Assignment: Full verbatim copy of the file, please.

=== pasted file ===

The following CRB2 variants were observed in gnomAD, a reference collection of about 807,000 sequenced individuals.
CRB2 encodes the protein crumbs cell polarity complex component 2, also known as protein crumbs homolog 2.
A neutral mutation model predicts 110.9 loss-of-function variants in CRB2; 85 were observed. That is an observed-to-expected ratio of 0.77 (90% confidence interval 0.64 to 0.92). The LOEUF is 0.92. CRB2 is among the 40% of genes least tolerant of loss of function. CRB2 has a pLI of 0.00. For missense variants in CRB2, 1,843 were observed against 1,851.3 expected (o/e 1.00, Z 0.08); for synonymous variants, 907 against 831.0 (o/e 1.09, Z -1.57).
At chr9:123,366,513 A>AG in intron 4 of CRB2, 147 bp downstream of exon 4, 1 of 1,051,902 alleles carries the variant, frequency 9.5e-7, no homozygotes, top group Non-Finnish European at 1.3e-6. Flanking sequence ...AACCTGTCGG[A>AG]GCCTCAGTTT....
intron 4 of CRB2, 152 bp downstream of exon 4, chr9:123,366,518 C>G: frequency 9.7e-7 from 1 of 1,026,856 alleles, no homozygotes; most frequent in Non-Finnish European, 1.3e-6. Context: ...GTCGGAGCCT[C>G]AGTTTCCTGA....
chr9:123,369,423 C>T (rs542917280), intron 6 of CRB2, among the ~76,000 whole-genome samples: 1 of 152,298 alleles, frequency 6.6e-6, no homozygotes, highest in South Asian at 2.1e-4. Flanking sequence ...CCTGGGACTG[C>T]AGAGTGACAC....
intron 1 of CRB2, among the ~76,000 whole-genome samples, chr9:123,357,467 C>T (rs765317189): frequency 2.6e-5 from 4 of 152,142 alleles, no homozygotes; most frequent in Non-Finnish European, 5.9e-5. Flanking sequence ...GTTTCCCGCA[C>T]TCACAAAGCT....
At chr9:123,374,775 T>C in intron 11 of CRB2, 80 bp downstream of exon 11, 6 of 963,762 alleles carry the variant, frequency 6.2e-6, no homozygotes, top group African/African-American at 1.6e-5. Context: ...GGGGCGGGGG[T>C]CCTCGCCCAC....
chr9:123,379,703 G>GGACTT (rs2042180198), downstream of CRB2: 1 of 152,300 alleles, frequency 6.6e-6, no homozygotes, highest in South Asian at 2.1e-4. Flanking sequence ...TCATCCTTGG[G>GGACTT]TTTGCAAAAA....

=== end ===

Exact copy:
The following CRB2 variants were observed in gnomAD, a reference collection of about 807,000 sequenced individuals.
CRB2 encodes the protein crumbs cell polarity complex component 2, also known as protein crumbs homolog 2.
A neutral mutation model predicts 110.9 loss-of-function variants in CRB2; 85 were observed. That is an observed-to-expected ratio of 0.77 (90% confidence interval 0.64 to 0.92). The LOEUF is 0.92. CRB2 is among the 40% of genes least tolerant of loss of function. CRB2 has a pLI of 0.00. For missense variants in CRB2, 1,843 were observed against 1,851.3 expected (o/e 1.00, Z 0.08); for synonymous variants, 907 against 831.0 (o/e 1.09, Z -1.57).
At chr9:123,366,513 A>AG in intron 4 of CRB2, 147 bp downstream of exon 4, 1 of 1,051,902 alleles carries the variant, frequency 9.5e-7, no homozygotes, top group Non-Finnish European at 1.3e-6. Flanking sequence ...AACCTGTCGG[A>AG]GCCTCAGTTT....
intron 4 of CRB2, 152 bp downstream of exon 4, chr9:123,366,518 C>G: frequency 9.7e-7 from 1 of 1,026,856 alleles, no homozygotes; most frequent in Non-Finnish European, 1.3e-6. Context: ...GTCGGAGCCT[C>G]AGTTTCCTGA....
chr9:123,369,423 C>T (rs542917280), intron 6 of CRB2, among the ~76,000 whole-genome samples: 1 of 152,298 alleles, frequency 6.6e-6, no homozygotes, highest in South Asian at 2.1e-4. Flanking sequence ...CCTGGGACTG[C>T]AGAGTGACAC....
intron 1 of CRB2, among the ~76,000 whole-genome samples, chr9:123,357,467 C>T (rs765317189): frequency 2.6e-5 from 4 of 152,142 alleles, no homozygotes; most frequent in Non-Finnish European, 5.9e-5. Flanking sequence ...GTTTCCCGCA[C>T]TCACAAAGCT....
At chr9:123,374,775 T>C in intron 11 of CRB2, 80 bp downstream of exon 11, 6 of 963,762 alleles carry the variant, frequency 6.2e-6, no homozygotes, top group African/African-American at 1.6e-5. Context: ...GGGGCGGGGG[T>C]CCTCGCCCAC....
chr9:123,379,703 G>GGACTT (rs2042180198), downstream of CRB2: 1 of 152,300 alleles, frequency 6.6e-6, no homozygotes, highest in South Asian at 2.1e-4. Flanking sequence ...TCATCCTTGG[G>GGACTT]TTTGCAAAAA....